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Poll: Will the House Cyber Task Force’s Recommendations Work?

by John Reed on October 10, 2011

The widely anticipated report is finally out from the House of Representatives Cyber Task Force. The twenty page document, written by House Republicans, was released last week and as expected, opinions have begun to fly. One person I spoke with has even called the report “superficial.” Perhaps the best part of the document is where it calls for the streamlining of information security regulations. One insider told me that at last count there were over 400 proposed pieces of legislation relating to cyber security. With that as a background, who in their right mind would not support streamlining or eliminating regulations. This would reduce overlapping requirements, and what seem to be contradictory clauses in the bills.

Any piece of cyber legislation must become a living document that is frequently updated to keep step with a threat environment that seems to change by the minute. The report references legislation from 2002 and 1986. Just think back to the cyber environment way then. It is hard to imagine that these laws don’t require updating given the changes that have taken place.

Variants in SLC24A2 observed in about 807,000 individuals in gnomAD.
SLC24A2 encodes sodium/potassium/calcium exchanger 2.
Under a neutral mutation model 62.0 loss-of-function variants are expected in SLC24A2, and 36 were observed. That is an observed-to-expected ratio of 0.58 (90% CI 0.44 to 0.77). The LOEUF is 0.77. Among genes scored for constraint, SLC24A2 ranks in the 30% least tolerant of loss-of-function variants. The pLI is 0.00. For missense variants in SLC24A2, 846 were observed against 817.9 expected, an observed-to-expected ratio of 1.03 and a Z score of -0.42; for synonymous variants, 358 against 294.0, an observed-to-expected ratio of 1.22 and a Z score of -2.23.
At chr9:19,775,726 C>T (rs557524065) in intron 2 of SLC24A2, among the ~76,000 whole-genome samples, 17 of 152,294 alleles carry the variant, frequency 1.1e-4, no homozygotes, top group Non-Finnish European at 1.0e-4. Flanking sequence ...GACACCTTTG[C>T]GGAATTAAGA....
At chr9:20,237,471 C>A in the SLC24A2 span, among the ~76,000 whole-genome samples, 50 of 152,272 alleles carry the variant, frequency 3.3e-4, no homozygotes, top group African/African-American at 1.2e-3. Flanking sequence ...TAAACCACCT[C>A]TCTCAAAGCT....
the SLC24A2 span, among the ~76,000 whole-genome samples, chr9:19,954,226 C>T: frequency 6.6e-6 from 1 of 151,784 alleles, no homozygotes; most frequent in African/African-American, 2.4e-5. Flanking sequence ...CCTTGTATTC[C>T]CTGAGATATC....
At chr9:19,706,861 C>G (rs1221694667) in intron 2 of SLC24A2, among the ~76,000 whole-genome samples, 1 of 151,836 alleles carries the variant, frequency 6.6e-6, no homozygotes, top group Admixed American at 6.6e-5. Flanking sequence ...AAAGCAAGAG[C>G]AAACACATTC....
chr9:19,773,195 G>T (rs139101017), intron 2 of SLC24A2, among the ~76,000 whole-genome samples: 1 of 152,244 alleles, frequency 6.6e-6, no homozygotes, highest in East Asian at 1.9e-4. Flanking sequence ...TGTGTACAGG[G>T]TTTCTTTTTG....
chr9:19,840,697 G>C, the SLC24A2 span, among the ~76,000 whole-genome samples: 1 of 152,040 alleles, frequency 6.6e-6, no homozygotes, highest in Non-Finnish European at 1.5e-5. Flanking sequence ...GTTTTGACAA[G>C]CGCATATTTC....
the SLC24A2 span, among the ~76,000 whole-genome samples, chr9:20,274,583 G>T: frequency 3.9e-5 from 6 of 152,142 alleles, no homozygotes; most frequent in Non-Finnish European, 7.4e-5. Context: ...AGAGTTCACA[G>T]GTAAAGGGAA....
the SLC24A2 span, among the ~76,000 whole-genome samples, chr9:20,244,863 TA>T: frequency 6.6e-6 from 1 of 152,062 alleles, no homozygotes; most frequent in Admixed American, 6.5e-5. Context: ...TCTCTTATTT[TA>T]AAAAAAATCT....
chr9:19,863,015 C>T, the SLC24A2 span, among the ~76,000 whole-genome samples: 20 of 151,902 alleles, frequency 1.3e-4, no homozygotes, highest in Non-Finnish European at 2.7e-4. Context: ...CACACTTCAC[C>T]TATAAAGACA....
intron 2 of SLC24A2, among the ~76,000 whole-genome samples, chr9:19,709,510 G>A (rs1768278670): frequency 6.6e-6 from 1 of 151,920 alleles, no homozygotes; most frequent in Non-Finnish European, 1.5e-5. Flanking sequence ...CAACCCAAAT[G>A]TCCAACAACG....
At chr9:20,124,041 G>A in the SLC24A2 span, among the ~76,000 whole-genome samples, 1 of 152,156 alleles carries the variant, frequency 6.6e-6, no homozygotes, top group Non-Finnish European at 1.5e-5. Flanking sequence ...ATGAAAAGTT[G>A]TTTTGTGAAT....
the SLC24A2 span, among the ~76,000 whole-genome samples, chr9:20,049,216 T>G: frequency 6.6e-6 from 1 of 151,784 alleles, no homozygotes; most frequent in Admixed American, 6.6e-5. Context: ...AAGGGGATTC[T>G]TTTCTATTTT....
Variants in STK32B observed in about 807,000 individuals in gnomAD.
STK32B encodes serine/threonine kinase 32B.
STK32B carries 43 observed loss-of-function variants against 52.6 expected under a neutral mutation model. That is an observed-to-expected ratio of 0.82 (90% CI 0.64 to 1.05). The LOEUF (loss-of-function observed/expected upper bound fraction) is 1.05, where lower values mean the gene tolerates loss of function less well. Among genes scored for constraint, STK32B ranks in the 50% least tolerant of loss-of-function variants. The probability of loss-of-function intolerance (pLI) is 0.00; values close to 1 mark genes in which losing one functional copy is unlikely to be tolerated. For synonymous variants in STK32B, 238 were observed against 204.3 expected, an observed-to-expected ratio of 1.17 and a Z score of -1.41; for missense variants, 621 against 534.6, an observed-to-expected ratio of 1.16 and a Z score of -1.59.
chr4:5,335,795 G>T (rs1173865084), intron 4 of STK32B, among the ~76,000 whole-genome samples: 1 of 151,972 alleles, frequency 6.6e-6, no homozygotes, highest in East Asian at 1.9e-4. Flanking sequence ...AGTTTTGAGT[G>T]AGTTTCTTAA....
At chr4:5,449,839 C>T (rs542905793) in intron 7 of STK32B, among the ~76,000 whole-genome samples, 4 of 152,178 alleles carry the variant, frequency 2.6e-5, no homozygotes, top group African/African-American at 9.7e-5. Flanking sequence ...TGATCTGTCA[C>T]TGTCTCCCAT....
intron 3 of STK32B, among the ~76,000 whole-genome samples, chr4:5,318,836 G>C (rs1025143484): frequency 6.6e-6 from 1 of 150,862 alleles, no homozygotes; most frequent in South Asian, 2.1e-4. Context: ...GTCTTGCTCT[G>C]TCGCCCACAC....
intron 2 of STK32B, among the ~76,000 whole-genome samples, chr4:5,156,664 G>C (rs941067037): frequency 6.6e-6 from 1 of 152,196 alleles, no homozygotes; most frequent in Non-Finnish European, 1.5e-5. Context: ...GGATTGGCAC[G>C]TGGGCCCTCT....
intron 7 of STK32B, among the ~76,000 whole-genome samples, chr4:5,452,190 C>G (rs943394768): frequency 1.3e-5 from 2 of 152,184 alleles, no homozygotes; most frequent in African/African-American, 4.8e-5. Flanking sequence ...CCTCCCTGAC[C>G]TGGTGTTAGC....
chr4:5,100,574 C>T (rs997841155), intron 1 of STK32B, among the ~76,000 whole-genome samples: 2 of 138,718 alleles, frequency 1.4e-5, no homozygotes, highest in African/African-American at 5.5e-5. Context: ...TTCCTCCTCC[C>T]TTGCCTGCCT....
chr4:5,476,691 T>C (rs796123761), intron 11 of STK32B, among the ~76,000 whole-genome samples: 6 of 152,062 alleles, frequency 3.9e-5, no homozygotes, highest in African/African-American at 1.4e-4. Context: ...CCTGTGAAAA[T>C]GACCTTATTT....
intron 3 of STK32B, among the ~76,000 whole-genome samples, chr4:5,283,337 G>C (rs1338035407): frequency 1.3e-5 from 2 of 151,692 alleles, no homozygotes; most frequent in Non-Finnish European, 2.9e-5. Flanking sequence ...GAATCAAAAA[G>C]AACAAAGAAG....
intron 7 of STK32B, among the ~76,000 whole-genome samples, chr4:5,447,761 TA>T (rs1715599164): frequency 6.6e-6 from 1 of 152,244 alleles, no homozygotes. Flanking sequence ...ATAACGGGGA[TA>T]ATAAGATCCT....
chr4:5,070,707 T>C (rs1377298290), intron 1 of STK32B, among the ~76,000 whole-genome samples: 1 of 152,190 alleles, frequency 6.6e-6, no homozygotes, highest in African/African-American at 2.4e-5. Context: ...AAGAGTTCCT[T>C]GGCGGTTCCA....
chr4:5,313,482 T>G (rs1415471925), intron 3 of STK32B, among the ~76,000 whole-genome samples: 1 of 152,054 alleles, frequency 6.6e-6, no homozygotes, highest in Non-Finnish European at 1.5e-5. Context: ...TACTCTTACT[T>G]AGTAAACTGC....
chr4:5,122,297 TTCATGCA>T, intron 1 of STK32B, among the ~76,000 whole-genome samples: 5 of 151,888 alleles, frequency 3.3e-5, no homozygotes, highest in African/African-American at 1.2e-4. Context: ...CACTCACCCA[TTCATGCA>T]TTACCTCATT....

I would hope that a much more detailed, classified — or at least For Official Use Only — version of the report exists and that it was given to Cyber Command and others who have a need to know. There are a lot of good things in the report, but like others, I was expecting a bit more.

POLL – Read the report here and then tell us what you think of it in our poll after the jump:

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{ 4 comments… read them below or add one }

Navydoc84041986 October 10, 2011 at 11:04 am

This is what happens when you try to control something that was never meant to be controlled. Like a bull ride, you may think your going to control that bull, but you will only ride for 8 seconds, and the odds of you getting hurt are immensely greater then your idea of controlling that bull!

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brian October 10, 2011 at 2:28 pm

Lets try a better question, "How could this bill possibly work?"

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The_Hand October 10, 2011 at 3:47 pm

I am unimpressed. Any real cybersecurity policy would have to contain at least some technical information in order to be even slightly effective. This document could have been written by people who had never used a computer.

A piece of legislation that would actually work would take the form of appointing one or more agencies to oversee government and private cybersecurity, with the resources and authority to actually carry it out. And even this would be inadequate without the development of new protocols and operating systems built with security in mind from the ground up. Last I checked there existed only one operating system capable of EAL 6+ accreditation, and it's not exactly flying off the shelves.

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blight October 10, 2011 at 4:17 pm

Meh. Law is rarely written in technical terms, to avoid being "trapped in the times". That and most politicians have little technical training. Most are lawyers if they did go to college. Some are businessmen with the appropriate training. A fair number are veterans. Some are MDs. I don't think computer scientists, computer engineers and sysadmins are well represented.

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